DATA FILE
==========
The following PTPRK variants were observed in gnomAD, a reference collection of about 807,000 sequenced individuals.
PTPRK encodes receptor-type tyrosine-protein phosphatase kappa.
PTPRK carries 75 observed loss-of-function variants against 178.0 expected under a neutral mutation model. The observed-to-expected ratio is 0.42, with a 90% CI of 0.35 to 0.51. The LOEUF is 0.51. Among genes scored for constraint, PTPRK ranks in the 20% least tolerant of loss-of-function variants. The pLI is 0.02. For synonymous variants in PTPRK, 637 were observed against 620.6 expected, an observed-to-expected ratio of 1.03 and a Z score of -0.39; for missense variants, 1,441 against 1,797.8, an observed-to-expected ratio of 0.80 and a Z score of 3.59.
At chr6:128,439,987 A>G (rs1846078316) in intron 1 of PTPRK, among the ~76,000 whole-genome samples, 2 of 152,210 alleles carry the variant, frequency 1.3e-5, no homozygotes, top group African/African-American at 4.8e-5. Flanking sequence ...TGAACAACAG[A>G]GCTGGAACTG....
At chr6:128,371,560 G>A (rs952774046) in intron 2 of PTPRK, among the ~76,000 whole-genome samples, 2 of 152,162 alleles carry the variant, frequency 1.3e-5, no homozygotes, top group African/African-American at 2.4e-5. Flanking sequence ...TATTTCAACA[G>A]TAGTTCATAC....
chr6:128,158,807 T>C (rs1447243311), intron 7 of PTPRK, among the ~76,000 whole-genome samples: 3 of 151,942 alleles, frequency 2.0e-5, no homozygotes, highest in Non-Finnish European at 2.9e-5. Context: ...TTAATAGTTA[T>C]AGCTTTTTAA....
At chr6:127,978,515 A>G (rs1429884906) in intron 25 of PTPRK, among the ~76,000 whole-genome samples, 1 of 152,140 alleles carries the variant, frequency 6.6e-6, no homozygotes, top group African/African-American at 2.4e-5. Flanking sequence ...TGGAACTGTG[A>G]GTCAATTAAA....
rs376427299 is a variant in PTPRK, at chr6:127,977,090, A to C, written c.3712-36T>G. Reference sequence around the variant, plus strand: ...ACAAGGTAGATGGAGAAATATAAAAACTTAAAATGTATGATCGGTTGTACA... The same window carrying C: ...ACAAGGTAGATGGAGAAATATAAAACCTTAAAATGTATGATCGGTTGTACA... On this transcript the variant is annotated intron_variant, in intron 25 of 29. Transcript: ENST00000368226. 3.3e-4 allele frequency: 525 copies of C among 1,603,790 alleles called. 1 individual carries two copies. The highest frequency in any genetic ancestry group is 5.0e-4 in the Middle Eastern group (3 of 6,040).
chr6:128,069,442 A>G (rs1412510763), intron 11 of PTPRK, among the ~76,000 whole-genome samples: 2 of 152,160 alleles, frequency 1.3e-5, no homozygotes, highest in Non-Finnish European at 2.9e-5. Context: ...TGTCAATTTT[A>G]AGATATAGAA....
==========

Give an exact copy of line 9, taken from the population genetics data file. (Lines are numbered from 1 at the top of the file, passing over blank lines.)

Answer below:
chr6:128,069,442 A>G (rs1412510763), intron 11 of PTPRK, among the ~76,000 whole-genome samples: 2 of 152,160 alleles, frequency 1.3e-5, no homozygotes, highest in Non-Finnish European at 2.9e-5. Context: ...TGTCAATTTT[A>G]AGATATAGAA....